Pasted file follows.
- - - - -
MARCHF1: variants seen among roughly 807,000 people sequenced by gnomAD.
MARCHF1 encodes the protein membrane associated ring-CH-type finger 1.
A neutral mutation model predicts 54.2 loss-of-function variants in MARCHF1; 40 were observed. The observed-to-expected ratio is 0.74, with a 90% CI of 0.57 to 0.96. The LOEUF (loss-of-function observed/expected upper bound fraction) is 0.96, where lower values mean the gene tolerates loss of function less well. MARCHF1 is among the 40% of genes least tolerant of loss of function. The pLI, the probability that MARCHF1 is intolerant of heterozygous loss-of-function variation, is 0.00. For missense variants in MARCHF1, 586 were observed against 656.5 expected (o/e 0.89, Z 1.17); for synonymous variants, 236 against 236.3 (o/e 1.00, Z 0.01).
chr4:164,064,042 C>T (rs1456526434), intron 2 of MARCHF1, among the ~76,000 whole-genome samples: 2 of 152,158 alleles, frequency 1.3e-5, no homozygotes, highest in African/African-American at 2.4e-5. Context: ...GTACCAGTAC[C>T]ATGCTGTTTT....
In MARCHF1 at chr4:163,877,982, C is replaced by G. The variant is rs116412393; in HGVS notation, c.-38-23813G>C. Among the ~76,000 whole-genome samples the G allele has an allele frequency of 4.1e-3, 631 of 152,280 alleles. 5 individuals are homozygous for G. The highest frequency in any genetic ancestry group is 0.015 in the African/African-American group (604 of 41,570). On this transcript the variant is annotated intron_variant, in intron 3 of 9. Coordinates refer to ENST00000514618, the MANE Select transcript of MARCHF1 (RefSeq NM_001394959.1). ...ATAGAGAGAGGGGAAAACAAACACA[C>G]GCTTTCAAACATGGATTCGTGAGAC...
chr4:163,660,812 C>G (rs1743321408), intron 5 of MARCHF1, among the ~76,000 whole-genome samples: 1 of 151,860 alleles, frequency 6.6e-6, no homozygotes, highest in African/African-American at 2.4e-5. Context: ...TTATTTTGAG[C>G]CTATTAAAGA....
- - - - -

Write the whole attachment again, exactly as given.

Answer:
MARCHF1: variants seen among roughly 807,000 people sequenced by gnomAD.
MARCHF1 encodes the protein membrane associated ring-CH-type finger 1.
A neutral mutation model predicts 54.2 loss-of-function variants in MARCHF1; 40 were observed. The observed-to-expected ratio is 0.74, with a 90% CI of 0.57 to 0.96. The LOEUF (loss-of-function observed/expected upper bound fraction) is 0.96, where lower values mean the gene tolerates loss of function less well. MARCHF1 is among the 40% of genes least tolerant of loss of function. The pLI, the probability that MARCHF1 is intolerant of heterozygous loss-of-function variation, is 0.00. For missense variants in MARCHF1, 586 were observed against 656.5 expected (o/e 0.89, Z 1.17); for synonymous variants, 236 against 236.3 (o/e 1.00, Z 0.01).
chr4:164,064,042 C>T (rs1456526434), intron 2 of MARCHF1, among the ~76,000 whole-genome samples: 2 of 152,158 alleles, frequency 1.3e-5, no homozygotes, highest in African/African-American at 2.4e-5. Context: ...GTACCAGTAC[C>T]ATGCTGTTTT....
In MARCHF1 at chr4:163,877,982, C is replaced by G. The variant is rs116412393; in HGVS notation, c.-38-23813G>C. Among the ~76,000 whole-genome samples the G allele has an allele frequency of 4.1e-3, 631 of 152,280 alleles. 5 individuals are homozygous for G. The highest frequency in any genetic ancestry group is 0.015 in the African/African-American group (604 of 41,570). On this transcript the variant is annotated intron_variant, in intron 3 of 9. Coordinates refer to ENST00000514618, the MANE Select transcript of MARCHF1 (RefSeq NM_001394959.1). ...ATAGAGAGAGGGGAAAACAAACACA[C>G]GCTTTCAAACATGGATTCGTGAGAC...
chr4:163,660,812 C>G (rs1743321408), intron 5 of MARCHF1, among the ~76,000 whole-genome samples: 1 of 151,860 alleles, frequency 6.6e-6, no homozygotes, highest in African/African-American at 2.4e-5. Context: ...TTATTTTGAG[C>G]CTATTAAAGA....